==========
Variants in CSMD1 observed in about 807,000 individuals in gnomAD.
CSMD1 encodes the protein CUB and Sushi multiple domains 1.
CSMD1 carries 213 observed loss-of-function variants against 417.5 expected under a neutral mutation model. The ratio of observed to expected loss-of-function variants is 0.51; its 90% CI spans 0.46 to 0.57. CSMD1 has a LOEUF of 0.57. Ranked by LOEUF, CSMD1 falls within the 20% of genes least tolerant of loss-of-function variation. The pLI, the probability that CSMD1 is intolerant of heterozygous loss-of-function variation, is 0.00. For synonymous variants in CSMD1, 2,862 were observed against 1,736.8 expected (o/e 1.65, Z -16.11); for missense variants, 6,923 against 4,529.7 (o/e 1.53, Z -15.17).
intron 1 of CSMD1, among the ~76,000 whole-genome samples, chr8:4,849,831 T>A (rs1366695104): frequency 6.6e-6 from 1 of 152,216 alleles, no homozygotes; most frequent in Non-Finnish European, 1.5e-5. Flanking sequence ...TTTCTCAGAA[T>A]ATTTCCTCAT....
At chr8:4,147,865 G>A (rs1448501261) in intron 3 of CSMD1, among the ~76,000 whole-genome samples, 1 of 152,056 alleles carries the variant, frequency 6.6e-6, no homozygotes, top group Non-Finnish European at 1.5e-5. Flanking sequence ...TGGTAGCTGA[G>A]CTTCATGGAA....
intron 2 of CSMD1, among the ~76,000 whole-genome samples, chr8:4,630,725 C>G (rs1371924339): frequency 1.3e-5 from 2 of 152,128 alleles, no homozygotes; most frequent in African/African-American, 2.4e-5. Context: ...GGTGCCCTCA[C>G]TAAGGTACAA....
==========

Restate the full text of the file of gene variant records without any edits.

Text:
Variants in CSMD1 observed in about 807,000 individuals in gnomAD.
CSMD1 encodes the protein CUB and Sushi multiple domains 1.
CSMD1 carries 213 observed loss-of-function variants against 417.5 expected under a neutral mutation model. The ratio of observed to expected loss-of-function variants is 0.51; its 90% CI spans 0.46 to 0.57. CSMD1 has a LOEUF of 0.57. Ranked by LOEUF, CSMD1 falls within the 20% of genes least tolerant of loss-of-function variation. The pLI, the probability that CSMD1 is intolerant of heterozygous loss-of-function variation, is 0.00. For synonymous variants in CSMD1, 2,862 were observed against 1,736.8 expected (o/e 1.65, Z -16.11); for missense variants, 6,923 against 4,529.7 (o/e 1.53, Z -15.17).
intron 1 of CSMD1, among the ~76,000 whole-genome samples, chr8:4,849,831 T>A (rs1366695104): frequency 6.6e-6 from 1 of 152,216 alleles, no homozygotes; most frequent in Non-Finnish European, 1.5e-5. Flanking sequence ...TTTCTCAGAA[T>A]ATTTCCTCAT....
At chr8:4,147,865 G>A (rs1448501261) in intron 3 of CSMD1, among the ~76,000 whole-genome samples, 1 of 152,056 alleles carries the variant, frequency 6.6e-6, no homozygotes, top group Non-Finnish European at 1.5e-5. Flanking sequence ...TGGTAGCTGA[G>A]CTTCATGGAA....
intron 2 of CSMD1, among the ~76,000 whole-genome samples, chr8:4,630,725 C>G (rs1371924339): frequency 1.3e-5 from 2 of 152,128 alleles, no homozygotes; most frequent in African/African-American, 2.4e-5. Context: ...GGTGCCCTCA[C>G]TAAGGTACAA....